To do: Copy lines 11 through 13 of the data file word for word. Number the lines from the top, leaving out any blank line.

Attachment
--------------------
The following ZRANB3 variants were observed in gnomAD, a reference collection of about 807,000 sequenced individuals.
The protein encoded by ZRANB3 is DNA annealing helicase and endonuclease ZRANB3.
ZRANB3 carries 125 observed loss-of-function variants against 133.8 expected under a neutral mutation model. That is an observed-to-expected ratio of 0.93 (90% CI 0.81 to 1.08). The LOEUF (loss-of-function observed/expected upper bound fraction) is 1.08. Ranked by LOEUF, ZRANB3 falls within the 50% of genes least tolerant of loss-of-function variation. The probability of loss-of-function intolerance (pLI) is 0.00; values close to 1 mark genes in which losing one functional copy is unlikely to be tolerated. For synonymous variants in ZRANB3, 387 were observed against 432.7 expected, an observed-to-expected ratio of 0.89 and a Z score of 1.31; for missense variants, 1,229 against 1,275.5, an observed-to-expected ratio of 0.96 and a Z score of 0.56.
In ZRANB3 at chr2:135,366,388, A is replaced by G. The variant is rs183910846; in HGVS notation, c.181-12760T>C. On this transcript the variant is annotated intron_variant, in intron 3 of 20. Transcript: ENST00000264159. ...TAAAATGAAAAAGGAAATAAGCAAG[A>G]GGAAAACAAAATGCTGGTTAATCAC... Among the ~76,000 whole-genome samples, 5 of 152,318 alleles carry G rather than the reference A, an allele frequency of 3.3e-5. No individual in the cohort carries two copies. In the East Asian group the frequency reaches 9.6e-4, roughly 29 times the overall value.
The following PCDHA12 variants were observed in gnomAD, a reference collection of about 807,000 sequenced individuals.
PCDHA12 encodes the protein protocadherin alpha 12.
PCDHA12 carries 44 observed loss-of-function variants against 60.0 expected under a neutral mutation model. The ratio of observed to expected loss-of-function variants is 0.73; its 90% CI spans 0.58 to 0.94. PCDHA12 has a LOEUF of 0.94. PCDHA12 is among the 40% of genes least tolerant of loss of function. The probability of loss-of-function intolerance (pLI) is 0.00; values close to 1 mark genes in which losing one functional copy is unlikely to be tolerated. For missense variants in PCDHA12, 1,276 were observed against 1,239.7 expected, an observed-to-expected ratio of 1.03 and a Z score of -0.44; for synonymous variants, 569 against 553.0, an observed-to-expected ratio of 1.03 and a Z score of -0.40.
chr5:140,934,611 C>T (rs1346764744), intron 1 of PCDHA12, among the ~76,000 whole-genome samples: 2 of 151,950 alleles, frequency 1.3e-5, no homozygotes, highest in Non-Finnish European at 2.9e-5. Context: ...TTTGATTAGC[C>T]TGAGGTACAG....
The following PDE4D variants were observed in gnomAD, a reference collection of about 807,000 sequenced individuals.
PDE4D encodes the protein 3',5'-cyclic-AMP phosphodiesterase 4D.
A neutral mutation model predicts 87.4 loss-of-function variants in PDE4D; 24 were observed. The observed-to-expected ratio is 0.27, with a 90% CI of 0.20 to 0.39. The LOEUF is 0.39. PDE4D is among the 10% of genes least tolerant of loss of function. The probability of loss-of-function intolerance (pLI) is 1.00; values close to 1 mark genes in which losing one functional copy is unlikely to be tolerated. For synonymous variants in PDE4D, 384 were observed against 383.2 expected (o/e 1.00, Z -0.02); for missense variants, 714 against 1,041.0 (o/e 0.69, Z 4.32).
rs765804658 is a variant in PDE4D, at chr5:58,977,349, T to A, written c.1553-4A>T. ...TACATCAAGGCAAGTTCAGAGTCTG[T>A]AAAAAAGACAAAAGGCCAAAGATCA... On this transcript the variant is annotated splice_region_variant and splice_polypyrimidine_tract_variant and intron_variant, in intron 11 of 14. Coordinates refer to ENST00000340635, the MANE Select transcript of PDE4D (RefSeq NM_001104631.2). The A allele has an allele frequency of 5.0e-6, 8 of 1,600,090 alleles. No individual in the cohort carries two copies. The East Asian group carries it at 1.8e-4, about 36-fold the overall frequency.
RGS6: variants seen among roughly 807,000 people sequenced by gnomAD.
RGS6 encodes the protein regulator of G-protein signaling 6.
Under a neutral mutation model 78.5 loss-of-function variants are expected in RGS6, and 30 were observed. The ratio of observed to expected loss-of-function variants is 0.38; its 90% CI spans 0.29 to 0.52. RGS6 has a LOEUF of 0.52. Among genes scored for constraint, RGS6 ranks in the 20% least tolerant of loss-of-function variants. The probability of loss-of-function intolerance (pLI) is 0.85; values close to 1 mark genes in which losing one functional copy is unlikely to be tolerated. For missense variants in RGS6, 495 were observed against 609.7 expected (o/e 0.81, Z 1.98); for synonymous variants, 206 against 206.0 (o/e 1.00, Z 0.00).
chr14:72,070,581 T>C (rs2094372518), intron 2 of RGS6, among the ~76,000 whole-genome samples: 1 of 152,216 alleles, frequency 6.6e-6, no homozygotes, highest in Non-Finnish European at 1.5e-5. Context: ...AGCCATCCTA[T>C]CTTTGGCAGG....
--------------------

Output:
A neutral mutation model predicts 87.4 loss-of-function variants in PDE4D; 24 were observed. The observed-to-expected ratio is 0.27, with a 90% CI of 0.20 to 0.39. The LOEUF is 0.39. PDE4D is among the 10% of genes least tolerant of loss of function. The probability of loss-of-function intolerance (pLI) is 1.00; values close to 1 mark genes in which losing one functional copy is unlikely to be tolerated. For synonymous variants in PDE4D, 384 were observed against 383.2 expected (o/e 1.00, Z -0.02); for missense variants, 714 against 1,041.0 (o/e 0.69, Z 4.32).
rs765804658 is a variant in PDE4D, at chr5:58,977,349, T to A, written c.1553-4A>T. ...TACATCAAGGCAAGTTCAGAGTCTG[T>A]AAAAAAGACAAAAGGCCAAAGATCA... On this transcript the variant is annotated splice_region_variant and splice_polypyrimidine_tract_variant and intron_variant, in intron 11 of 14. Coordinates refer to ENST00000340635, the MANE Select transcript of PDE4D (RefSeq NM_001104631.2). The A allele has an allele frequency of 5.0e-6, 8 of 1,600,090 alleles. No individual in the cohort carries two copies. The East Asian group carries it at 1.8e-4, about 36-fold the overall frequency.
RGS6: variants seen among roughly 807,000 people sequenced by gnomAD.